The change: some notes from the field (Tricia Dearborn)

Perimenopause as a chance to get a few things off my mother’s chest

my mother and I are not alike
in temperament or constitution

though at twelve she told me (ruefully) I had her thighs
and at sixteen a stranger in a shop

spoke my mother’s maiden name
asked was I her daughter

why do I find her grievances now curled under my tongue
her rage surging down my arms

my mother marched off
to bash the pans in the kitchen while she cooked

I storm off many times, returning
to speak and speak my dissatisfactions

which I hear and recognise as hers (neglect, lack of appreciation)
my mother threatened to throttle us

when we misbehaved
she didn’t, she throttled herself

and now I speak it

Perimenopause as rocket science

you know
the instant of ignition
because it feels like you’re standing

directly under those roaring jets
no way out now
you’re strapped in

pointed towards
the blue
that will become a coruscating dark

let’s hope you can handle
some solid g’s
as you take off

another layer, sweating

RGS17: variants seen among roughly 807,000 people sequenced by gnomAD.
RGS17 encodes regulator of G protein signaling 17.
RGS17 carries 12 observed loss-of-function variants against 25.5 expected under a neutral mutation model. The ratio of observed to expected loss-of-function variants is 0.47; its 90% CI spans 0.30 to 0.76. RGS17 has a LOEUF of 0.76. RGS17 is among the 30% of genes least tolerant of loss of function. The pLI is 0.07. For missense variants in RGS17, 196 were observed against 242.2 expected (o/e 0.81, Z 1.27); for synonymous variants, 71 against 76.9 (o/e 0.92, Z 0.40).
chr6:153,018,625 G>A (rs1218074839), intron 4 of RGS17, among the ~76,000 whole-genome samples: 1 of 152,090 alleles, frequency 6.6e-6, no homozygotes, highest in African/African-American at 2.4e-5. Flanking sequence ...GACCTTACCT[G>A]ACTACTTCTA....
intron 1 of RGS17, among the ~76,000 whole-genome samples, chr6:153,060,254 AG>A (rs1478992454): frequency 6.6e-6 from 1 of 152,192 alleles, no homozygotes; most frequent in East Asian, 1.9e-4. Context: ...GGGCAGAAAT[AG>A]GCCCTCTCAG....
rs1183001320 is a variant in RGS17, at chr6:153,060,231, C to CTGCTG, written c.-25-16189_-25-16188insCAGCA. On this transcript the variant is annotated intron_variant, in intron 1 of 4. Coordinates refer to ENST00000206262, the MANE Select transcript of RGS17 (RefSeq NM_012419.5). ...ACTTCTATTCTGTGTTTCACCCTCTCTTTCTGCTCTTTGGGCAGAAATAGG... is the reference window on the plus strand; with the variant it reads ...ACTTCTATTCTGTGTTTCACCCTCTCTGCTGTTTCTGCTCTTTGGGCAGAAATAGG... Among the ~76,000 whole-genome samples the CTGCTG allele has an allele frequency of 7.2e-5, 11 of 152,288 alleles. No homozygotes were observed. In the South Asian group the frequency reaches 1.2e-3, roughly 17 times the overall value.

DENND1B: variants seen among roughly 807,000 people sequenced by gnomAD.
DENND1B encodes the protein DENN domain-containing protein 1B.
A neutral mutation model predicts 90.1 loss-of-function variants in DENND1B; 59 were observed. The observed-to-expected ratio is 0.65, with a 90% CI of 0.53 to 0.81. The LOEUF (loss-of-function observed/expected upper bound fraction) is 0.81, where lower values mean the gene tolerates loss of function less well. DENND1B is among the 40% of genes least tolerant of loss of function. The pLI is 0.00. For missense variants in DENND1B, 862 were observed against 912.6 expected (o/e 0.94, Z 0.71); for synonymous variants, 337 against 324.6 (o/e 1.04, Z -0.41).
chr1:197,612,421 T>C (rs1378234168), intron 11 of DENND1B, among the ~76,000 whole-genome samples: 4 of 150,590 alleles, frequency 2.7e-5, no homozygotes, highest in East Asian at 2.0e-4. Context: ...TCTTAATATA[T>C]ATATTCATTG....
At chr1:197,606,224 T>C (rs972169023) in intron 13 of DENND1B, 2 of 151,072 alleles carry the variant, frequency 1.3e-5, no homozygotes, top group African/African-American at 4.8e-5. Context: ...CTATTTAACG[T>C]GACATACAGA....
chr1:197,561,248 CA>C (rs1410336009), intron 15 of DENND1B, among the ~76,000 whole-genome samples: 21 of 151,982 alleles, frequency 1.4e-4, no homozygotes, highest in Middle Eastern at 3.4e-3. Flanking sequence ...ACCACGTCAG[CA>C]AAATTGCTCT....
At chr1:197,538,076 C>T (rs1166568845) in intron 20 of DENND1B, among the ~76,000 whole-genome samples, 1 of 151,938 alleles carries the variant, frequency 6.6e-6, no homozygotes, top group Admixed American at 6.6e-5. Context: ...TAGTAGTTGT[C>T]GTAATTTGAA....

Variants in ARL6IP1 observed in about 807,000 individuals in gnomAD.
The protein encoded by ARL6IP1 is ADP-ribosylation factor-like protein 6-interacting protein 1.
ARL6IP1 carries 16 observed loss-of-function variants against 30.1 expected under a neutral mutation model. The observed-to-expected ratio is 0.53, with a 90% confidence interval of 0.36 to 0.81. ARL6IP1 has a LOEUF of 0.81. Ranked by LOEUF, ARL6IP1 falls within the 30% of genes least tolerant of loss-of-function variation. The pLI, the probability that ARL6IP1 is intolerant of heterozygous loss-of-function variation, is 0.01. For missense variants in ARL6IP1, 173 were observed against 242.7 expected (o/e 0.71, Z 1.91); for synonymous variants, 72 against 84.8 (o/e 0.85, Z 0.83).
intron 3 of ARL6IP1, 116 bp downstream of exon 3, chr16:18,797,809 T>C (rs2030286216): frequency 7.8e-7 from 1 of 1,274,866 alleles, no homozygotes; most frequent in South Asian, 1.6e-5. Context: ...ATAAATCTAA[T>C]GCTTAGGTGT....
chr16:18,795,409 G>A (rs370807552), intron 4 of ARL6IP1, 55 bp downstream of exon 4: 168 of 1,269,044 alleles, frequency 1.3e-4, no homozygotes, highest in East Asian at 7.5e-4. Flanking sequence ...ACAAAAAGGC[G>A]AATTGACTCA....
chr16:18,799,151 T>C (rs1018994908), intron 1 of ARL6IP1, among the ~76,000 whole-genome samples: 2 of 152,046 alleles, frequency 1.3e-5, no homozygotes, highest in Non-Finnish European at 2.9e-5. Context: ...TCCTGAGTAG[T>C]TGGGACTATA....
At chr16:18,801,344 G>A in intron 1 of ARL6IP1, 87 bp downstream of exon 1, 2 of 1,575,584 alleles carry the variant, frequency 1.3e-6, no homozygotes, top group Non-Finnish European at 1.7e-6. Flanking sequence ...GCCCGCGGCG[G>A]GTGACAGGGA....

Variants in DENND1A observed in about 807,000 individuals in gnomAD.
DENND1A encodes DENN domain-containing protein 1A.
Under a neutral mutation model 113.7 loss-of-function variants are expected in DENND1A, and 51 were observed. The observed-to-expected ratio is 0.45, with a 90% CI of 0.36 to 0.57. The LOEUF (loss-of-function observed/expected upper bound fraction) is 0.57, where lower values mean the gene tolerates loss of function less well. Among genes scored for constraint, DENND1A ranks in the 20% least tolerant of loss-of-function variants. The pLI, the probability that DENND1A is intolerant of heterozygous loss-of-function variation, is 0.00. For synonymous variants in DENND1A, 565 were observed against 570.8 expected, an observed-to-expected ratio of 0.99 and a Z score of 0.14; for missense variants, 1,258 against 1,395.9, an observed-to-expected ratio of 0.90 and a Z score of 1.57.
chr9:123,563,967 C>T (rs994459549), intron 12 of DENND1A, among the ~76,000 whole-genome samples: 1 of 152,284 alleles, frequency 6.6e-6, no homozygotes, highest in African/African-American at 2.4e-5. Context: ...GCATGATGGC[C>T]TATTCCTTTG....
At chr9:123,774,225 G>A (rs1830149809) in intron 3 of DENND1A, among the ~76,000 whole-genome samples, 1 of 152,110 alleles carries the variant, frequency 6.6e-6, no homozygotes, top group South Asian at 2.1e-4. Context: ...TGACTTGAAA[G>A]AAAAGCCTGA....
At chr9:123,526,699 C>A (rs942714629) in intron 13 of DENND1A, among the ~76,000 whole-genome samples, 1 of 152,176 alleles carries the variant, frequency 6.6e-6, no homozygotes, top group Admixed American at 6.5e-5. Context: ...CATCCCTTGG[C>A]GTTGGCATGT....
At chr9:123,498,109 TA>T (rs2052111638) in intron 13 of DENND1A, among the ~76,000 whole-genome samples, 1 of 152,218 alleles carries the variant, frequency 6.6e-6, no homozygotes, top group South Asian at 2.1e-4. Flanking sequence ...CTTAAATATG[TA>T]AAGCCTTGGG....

on your trajectory
to an undiscovered world

Perimenopause as the weather at sea

gone is the swell
the long slow bodily knowledge
of tides and patterns
conditions are choppy out on the water
storms blow up from nowhere

Perimenopause as uncertainty and invitation

you never know when you’re due
you never know whether

it’s the weather, or you
rhythms of thirty years’ standing 

begin to stretch, compress
to split at the seams

through the gaps
stream questions, angers, revelations

nail polish in a shade of blue
you never dared

a frankness
you never dared

a mission
should you choose to accept it

to take no shit
for the rest of your life


Tricia Dearborn’s poetry has been widely published in literary journals including Meanjin, Southerly, Overland and HEAT, and in anthologies such as Australian Poetry Since 1788, The Best Australian Poems 2012 and 2010 and Out of the Box: Contemporary Australian Gay and Lesbian Poets. A featured reader at many events, including the Sydney Writers’ Festival in 2012, Tricia was joint winner of the 2008 Poets Union Poetry Prize. She has degrees in biochemistry and arts, worked briefly in a research laboratory and now earns a living as a freelance editor. Her most recent collection of poetry is The Ringing World, published by Puncher & Wattmann in 2012.